EU rules from 2001 that protect regional food and beverage names “must be interpreted as having no adverse effects on the validity” of existing trademarks such as Bavaria, as long as they were registered in good faith, the EU court said in 2009.
The German brewers will examine “very carefully” the way the name Bavaria is used by the Dutch brewer on labels and “may decide to take action,” if it sees possible breaches of the ruling, said Koenig.
Sears Unit Sued by Voss of Norway Over Water Bottle Shape
Lands’ End, the clothing retailer owned by Sears Holdings Corp. (SHLD) was sued for trademark infringement by a Norwegian exporter of water and water bottles.
The Oslo-based Norwegian company did acknowledge that the product has been removed from the Lands’ End website. It filed suit because it seeks compensation for what it says is its past injury.
Voss asked the court for an order barring Lands’ End from future sale of products that infringe the Norwegian company’s intellectual property, and mandating the destruction of all infringing products and promotional material.
Additionally, the Norwegian company asked for awards of Dodgeville, Wisconsin-based Lands’ End’s profits derived from the alleged infringement and money damages, and requested both be tripled to punish the retailer for its actions. Voss also asked for attorney fees and litigation costs.
Lands’ End spokeswoman Michele Casper said in an e-mail that her company doesn’t comment on pending litigation.
The case is Voss of Norway ASA v. Lands’ End Direct Merchants Inc., 0:11-cv-00541-JRT-SER, U.S. District Court, District of Minnesota.
NBC Sued for Infringing ‘Happy Wife, Happy Life’ Trademark
Comcast Corp. (CMCSA)’s NBC Universal and a company owned by one of the women who appears on “The Real Housewives of New Jersey” television program were sued for trademark infringement by a comedian who bills himself as “America’s No. 1 Family Comic.”
He said that for years he’s used the signature phrase “Happy Wife, Happy Life” with his comedic observations about married life and parenting.
Mishler, based in Nashville, registered the phrase as a trademark in December 2004. According to the database of the U.S. Patent and Trademark Office, the mark is registered to use for comedy performances, pre-recorded media containing his performances and for clothing, including T-shirts, sweatshirts and baseball caps.
Fabulicious is a co-defendant along with NBC.
Mishler objects to Guidice’s use of “Happy Wife, Happy Life” on television and on the Internet, and to NBC’s sale through its shopbybravo.com Internet store of T-shirts and coffee mugs bearing the phrase.
The comedian claims NBC and Guidice’s company’s use of the phrase damages his business, goodwill, reputation, profit and the strength of his trademark.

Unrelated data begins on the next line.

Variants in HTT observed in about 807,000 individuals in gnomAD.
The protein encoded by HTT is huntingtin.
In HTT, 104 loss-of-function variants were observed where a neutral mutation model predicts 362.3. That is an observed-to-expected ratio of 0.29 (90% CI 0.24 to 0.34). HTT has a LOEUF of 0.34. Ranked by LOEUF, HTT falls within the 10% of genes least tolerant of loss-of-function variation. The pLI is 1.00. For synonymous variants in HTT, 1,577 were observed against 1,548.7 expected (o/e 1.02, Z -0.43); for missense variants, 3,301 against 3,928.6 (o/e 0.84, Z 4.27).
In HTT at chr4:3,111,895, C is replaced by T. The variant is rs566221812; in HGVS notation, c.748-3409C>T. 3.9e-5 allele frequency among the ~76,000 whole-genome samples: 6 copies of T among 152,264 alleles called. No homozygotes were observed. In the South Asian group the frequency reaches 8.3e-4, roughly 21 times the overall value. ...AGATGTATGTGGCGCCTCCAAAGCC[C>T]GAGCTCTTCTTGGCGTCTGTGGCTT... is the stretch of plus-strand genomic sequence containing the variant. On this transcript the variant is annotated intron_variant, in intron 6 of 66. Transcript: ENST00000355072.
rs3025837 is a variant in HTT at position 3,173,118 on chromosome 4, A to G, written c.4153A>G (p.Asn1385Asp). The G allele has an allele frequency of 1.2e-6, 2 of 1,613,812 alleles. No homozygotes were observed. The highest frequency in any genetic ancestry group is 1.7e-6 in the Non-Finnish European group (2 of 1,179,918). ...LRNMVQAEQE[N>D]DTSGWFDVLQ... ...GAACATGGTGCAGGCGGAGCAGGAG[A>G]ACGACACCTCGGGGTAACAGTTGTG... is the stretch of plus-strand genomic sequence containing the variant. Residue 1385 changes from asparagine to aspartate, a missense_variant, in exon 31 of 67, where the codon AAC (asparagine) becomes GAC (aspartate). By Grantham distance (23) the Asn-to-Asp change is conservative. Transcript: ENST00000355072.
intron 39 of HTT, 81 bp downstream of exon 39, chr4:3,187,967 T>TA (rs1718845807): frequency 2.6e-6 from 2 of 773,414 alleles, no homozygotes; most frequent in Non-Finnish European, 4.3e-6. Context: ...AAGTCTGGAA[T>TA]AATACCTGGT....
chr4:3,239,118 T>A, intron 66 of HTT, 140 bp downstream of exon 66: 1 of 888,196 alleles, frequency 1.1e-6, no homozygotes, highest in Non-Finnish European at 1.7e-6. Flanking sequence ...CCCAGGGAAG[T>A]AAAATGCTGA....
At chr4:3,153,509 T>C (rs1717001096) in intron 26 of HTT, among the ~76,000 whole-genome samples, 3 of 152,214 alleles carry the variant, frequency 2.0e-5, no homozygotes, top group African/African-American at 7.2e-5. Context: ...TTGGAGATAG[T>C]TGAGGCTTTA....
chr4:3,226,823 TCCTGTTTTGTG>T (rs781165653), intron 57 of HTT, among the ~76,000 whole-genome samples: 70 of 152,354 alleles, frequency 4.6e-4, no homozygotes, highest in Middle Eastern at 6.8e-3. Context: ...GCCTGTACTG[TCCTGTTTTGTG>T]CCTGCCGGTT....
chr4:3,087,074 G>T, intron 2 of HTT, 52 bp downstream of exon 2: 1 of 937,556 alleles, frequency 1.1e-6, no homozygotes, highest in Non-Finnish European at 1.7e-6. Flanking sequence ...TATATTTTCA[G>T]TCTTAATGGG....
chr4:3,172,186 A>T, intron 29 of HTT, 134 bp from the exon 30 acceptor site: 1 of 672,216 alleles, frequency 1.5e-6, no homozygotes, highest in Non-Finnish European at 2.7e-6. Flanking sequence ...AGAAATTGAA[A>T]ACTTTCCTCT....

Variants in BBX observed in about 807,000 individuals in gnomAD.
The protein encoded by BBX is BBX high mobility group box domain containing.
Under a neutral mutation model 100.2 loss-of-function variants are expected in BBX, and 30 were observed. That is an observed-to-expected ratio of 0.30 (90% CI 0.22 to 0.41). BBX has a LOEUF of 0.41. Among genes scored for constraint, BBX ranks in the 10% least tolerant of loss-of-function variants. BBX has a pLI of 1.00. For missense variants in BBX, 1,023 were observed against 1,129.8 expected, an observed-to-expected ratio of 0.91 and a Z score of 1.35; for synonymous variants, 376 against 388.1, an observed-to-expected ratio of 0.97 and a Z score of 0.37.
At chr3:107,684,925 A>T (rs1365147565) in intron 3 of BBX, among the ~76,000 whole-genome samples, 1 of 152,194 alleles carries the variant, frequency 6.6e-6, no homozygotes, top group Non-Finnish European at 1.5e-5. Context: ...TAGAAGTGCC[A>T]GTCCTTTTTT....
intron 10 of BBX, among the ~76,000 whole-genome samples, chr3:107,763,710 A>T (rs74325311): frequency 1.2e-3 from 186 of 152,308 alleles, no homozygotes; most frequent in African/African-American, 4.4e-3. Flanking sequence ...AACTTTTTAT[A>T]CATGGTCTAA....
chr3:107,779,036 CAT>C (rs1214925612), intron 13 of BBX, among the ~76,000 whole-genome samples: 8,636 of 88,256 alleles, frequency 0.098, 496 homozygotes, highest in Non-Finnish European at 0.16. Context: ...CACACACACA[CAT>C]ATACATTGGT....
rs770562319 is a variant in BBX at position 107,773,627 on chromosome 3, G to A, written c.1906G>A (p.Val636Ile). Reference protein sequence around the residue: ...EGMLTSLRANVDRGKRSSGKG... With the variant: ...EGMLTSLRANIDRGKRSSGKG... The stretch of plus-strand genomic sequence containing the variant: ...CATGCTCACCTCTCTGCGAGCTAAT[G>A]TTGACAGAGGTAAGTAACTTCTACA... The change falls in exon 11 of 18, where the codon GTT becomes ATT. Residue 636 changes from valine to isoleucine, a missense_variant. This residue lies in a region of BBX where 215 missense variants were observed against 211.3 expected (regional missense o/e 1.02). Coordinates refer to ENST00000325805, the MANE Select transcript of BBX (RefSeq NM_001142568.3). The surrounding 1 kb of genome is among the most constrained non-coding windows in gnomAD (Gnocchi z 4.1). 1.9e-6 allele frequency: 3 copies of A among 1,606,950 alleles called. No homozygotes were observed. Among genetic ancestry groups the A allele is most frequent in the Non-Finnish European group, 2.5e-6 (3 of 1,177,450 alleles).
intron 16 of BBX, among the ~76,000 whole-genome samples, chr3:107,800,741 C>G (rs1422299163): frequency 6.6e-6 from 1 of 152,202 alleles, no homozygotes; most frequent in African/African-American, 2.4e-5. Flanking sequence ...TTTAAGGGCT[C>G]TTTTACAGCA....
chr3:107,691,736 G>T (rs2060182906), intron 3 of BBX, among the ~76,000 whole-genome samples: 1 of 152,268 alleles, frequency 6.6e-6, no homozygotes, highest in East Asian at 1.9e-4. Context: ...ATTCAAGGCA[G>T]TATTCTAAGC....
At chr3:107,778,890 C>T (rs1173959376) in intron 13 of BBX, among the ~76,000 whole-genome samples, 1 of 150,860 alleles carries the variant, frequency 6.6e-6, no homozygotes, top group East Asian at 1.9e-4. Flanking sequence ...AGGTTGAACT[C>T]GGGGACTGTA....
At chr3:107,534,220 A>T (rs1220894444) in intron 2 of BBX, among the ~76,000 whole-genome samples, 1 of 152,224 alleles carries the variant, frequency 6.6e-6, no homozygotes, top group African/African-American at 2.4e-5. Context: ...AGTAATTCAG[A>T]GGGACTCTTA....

He asked the court to bar NBC and Fabulicious from further use of the phrase and for awards of money damages and the defendants’ profit attributable to the alleged infringement. Claiming the infringement is deliberate, he asked that the greater of the damages or the profit be tripled to punish the defendants for what he claims is deliberate infringement.
He also seeks awards of attorney fees and litigation costs.
Neither Guidice nor Bravo responded immediately to an e- mailed request for comment.
Mishler is represented by Richard S. Busch of Nashville’s King & Ballow.
The case is Jeffrey Mishler v. NBC Universal LLC, 3:11-00194, U.S. District Court, Middle District of Tennessee (Nashville).
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Trade Secrets/Industrial Espionage
Renault Management Faces Union Pressure Over Spy Investigation
Chief Operating Officer Patrick Pelata told Le Figaro March 4 he’d “face the consequences” after raising doubts about the findings of an internal probe that led to the dismissal of three executives and a criminal investigation. Renault dismissed the executives in January after its probe concluded they received payments from Chinese companies via foreign accounts.
The affair has “dealt a blow to the credibility of Ghosn and Pelata, who were both directly involved,” said Fabien Gache, a spokesman for CGT, Renault’s biggest union.
French police were informed two of the alleged accounts could not be found, said a person with knowledge of the probe, confirming French media reports. Thus far, police have received no information on a possible third account, the person said, declining to be identified because the investigation is confidential. Police are still waiting for submissions from Switzerland and Liechtenstein, the person said.
The three dismissed managers, upstream development chief Michel Balthazard, his subordinate Bertrand Rochette and Matthieu Tenenbaum, the deputy electric-car program chief, have denied the allegations and filed criminal defamation claims.
Renault spokeswoman Caroline De Gezelle declined to comment on the case or whether it may lead to senior resignations.
“A certain number of elements” now suggest that Renault was misled about the foreign accounts, Pelata said in the newspaper interview.
If the company had acted on false information, “we will face the consequences, all the way up to the top of the company -- which means all the way up to me,” Pelata was also quoted as saying. The three fired employees would be offered compensation and reinstatement if vindicated, he added.
French Finance Minister Christine Lagarde on RMC radio welcomed Pelata’s accountability pledge as a “dignified” gesture.
Ghosn and Pelata should both be held accountable for the botched investigation, a spokesman for the Force Ouvriere union said March 4, declining to be identified in accordance with the organization’s policy.
Renault’s third major union grouping, the centrist CFDT, urged sanctions against “those responsible for these mess- ups,” in an open letter addressed to Ghosn this week.
The Renault CEO said Jan. 23 he had personally overseen the internal probe and its “multiple” findings of espionage by the three executives. “If there were no certainties about this, we wouldn’t be where we are now,” he said on TF1 television.
To contact the reporter on this story: Victoria Slind-Flor in Oakland, California, at firstname.lastname@example.org
To contact the editor responsible for this story: John Pickering at email@example.com